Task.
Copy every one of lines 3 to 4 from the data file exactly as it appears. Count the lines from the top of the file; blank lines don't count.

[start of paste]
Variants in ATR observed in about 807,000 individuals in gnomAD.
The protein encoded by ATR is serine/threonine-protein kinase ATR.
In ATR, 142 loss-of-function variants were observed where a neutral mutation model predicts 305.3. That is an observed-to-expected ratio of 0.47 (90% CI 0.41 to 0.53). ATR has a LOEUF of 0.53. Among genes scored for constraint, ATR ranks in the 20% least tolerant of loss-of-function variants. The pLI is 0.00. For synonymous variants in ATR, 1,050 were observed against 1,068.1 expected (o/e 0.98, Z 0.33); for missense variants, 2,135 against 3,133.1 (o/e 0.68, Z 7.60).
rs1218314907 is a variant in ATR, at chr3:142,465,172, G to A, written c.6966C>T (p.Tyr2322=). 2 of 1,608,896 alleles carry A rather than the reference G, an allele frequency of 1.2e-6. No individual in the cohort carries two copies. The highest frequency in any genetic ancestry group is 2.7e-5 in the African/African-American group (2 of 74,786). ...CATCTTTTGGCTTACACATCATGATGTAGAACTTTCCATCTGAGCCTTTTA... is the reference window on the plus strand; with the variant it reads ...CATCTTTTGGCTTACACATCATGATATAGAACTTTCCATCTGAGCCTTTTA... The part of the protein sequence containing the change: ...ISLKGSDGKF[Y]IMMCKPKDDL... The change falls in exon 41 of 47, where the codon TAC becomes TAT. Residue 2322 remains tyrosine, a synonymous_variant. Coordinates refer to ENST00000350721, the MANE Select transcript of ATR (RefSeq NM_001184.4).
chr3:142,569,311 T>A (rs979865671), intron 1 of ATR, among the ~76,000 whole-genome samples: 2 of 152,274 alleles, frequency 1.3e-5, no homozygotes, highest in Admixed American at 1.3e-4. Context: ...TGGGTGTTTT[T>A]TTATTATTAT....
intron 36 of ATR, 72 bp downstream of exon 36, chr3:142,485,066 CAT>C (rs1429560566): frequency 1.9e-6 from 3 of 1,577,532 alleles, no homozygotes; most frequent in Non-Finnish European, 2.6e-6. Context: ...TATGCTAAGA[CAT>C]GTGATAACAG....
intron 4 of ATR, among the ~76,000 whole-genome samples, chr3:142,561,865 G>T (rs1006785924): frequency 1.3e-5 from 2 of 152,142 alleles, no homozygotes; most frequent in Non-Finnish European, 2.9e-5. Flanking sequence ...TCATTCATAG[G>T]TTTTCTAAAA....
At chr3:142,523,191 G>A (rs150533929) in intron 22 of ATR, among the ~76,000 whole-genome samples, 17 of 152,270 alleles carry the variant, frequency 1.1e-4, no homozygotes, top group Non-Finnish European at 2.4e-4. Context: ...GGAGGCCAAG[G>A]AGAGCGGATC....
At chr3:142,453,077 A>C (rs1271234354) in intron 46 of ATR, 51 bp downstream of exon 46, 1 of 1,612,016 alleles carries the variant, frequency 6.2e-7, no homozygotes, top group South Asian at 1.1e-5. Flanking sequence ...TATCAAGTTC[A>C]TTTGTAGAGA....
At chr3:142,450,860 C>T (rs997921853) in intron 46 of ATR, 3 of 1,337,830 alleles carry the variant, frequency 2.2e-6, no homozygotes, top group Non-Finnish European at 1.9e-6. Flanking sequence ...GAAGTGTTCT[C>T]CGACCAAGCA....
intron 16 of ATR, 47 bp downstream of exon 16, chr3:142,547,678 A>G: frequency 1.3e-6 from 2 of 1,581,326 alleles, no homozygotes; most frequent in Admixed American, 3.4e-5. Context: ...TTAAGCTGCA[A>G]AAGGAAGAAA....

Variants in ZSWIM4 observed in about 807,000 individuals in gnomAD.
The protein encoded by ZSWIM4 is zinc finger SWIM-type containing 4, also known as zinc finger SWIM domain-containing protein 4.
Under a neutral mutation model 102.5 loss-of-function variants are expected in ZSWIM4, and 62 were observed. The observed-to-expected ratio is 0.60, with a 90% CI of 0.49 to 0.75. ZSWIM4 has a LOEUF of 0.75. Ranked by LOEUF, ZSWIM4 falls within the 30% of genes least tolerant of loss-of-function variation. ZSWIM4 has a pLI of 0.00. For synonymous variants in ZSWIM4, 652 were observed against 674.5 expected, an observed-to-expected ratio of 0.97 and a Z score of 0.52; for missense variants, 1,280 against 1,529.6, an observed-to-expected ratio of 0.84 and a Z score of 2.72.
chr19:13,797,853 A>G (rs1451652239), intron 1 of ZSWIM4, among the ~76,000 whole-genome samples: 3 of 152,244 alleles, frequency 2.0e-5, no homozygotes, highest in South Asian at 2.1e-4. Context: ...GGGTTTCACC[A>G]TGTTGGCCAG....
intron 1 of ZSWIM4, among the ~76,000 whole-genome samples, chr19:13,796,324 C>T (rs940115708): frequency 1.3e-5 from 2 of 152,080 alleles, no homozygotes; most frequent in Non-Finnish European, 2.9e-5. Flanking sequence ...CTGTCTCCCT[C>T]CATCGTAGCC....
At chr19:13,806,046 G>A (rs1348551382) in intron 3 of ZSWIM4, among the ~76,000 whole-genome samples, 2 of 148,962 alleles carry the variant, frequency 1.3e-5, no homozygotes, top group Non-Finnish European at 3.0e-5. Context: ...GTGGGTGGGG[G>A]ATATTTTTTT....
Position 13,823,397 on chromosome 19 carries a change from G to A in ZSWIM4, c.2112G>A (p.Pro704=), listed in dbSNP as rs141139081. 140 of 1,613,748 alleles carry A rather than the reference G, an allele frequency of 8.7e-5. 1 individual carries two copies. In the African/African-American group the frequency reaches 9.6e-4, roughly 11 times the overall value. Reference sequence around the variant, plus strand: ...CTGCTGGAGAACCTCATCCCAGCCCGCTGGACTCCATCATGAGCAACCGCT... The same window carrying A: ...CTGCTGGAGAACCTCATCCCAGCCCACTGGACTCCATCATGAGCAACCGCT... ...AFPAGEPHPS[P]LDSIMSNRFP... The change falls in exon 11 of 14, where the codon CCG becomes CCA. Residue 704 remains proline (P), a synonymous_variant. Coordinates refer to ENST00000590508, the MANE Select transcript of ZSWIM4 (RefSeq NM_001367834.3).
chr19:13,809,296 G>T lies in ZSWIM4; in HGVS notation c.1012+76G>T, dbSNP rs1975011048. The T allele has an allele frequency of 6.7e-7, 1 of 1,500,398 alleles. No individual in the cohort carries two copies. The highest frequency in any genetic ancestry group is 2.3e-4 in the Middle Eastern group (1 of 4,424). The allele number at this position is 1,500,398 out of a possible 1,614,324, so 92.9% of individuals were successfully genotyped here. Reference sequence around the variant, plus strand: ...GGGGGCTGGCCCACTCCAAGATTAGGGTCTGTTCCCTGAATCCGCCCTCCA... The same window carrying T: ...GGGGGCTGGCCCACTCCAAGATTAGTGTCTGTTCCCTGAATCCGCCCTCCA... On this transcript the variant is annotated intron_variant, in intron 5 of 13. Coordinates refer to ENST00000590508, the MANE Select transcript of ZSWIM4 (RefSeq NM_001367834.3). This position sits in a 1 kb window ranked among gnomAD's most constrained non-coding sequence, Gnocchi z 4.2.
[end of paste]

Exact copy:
In ATR, 142 loss-of-function variants were observed where a neutral mutation model predicts 305.3. That is an observed-to-expected ratio of 0.47 (90% CI 0.41 to 0.53). ATR has a LOEUF of 0.53. Among genes scored for constraint, ATR ranks in the 20% least tolerant of loss-of-function variants. The pLI is 0.00. For synonymous variants in ATR, 1,050 were observed against 1,068.1 expected (o/e 0.98, Z 0.33); for missense variants, 2,135 against 3,133.1 (o/e 0.68, Z 7.60).
rs1218314907 is a variant in ATR, at chr3:142,465,172, G to A, written c.6966C>T (p.Tyr2322=). 2 of 1,608,896 alleles carry A rather than the reference G, an allele frequency of 1.2e-6. No individual in the cohort carries two copies. The highest frequency in any genetic ancestry group is 2.7e-5 in the African/African-American group (2 of 74,786). ...CATCTTTTGGCTTACACATCATGATGTAGAACTTTCCATCTGAGCCTTTTA... is the reference window on the plus strand; with the variant it reads ...CATCTTTTGGCTTACACATCATGATATAGAACTTTCCATCTGAGCCTTTTA... The part of the protein sequence containing the change: ...ISLKGSDGKF[Y]IMMCKPKDDL... The change falls in exon 41 of 47, where the codon TAC becomes TAT. Residue 2322 remains tyrosine, a synonymous_variant. Coordinates refer to ENST00000350721, the MANE Select transcript of ATR (RefSeq NM_001184.4).